When there are changes after next year’s World Cup, there is a core of players who now know what Test rugby is about, and the work that goes into succeeding. Not all of them will make it, but the selectors have given them a chance and now it is up to them.
It was no surprise that George Bridge did so well when he came on at halftime for the unfortunate Nehe Milner-Skudder, a player who is overdue some better luck. Bridge has been so good all year and he continues to get better. His tries were typical of his play, hard-running and chasing, putting pressure on defenders and finishing plays in an accomplished fashion.
Richie Mo’unga looked very much a class act and he will be causing some tactical discussions among the All Blacks selectors as they look to their options in future, and probably during this northern tour where they can try some things. We’ve already seen that with them starting Damian McKenzie at fullback against Australia. There’s no doubt that Mo’unga has added to the combinations they have at their disposal.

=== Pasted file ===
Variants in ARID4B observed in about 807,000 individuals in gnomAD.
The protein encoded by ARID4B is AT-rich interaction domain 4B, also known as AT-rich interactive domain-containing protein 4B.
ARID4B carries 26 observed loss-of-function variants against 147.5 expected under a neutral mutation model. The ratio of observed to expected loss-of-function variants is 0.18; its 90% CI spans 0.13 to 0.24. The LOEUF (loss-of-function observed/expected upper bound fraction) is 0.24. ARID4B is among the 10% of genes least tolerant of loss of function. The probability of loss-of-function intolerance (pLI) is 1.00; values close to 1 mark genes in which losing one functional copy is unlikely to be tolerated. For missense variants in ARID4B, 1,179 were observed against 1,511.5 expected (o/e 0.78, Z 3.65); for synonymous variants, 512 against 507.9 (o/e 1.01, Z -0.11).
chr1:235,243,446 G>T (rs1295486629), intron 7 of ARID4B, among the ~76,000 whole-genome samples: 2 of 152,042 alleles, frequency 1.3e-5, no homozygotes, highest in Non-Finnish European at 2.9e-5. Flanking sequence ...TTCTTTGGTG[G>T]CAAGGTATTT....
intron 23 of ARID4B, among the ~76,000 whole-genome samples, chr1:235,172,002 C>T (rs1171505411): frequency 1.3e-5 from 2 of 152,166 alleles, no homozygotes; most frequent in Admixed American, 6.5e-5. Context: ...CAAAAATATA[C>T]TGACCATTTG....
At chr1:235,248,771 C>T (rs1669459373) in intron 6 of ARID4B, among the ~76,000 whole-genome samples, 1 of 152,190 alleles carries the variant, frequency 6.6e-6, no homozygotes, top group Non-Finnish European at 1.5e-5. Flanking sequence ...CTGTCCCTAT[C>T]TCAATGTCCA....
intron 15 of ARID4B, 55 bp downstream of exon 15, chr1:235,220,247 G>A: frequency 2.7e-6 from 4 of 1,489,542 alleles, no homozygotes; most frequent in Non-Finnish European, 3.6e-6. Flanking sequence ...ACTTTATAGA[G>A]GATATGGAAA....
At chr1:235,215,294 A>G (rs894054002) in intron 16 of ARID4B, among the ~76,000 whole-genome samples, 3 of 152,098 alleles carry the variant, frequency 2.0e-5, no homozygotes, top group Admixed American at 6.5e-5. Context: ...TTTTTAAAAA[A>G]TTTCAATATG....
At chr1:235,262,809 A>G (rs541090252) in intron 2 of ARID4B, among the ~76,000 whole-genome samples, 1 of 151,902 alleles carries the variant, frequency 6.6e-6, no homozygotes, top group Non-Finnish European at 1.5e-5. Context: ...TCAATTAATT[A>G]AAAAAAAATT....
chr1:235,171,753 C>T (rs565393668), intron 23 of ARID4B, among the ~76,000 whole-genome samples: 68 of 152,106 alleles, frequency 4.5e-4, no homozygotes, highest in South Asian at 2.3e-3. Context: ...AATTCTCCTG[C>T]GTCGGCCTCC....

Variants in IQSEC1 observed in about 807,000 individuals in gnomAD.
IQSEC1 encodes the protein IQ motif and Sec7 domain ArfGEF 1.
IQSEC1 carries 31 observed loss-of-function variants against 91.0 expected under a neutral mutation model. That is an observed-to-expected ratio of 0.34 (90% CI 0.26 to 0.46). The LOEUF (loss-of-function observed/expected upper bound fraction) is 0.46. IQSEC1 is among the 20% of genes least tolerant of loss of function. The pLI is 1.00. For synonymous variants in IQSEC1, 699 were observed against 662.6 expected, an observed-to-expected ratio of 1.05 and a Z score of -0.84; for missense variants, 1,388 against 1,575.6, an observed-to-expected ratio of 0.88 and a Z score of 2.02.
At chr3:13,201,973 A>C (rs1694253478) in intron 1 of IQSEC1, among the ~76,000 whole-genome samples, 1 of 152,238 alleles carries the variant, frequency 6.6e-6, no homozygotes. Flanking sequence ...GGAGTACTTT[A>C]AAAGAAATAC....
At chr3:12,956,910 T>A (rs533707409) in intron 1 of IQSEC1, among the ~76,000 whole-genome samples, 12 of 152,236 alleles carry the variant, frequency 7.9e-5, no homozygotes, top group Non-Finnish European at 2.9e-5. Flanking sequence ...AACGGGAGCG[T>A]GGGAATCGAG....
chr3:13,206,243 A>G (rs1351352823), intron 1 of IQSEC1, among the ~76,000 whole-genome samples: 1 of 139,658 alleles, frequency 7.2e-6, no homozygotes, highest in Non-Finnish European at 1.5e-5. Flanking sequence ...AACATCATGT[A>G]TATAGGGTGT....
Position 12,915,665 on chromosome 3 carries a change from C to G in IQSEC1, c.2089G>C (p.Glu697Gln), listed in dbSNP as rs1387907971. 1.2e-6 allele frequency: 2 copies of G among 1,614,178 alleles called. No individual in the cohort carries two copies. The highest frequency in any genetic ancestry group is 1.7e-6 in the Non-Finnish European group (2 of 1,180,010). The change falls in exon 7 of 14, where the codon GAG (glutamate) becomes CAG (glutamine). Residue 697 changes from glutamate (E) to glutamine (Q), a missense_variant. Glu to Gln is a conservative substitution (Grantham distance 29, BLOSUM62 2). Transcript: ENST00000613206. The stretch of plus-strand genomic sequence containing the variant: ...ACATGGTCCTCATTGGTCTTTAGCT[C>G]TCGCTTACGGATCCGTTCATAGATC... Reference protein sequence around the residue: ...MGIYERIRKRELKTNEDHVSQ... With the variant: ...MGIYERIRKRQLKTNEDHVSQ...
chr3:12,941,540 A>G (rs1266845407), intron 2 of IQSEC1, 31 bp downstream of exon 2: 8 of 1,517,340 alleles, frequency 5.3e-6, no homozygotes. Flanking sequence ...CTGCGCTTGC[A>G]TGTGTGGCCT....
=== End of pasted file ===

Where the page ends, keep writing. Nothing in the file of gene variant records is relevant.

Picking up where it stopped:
Ngani Laumape also took his chance to keep his hand up for a midfield role and it was interesting to see he and his Hurricanes midfield mate Matt Proctor do so well in midfield. Proctor demonstrated why the selectors had been so keen to have a look at him and he won’t have done his chances any harm.
While both positions are crowded, the pair of them are only ever an injury away from being involved, if they aren’t already in the squad. And Steve Hansen has made the point, which is pertinent, that the Japan game was about 2020 and beyond. By giving those players a taste of what was involved in Test preparation and allowing them to go back to their Super Rugby franchises to work on their games, the longer-term planning is already underway.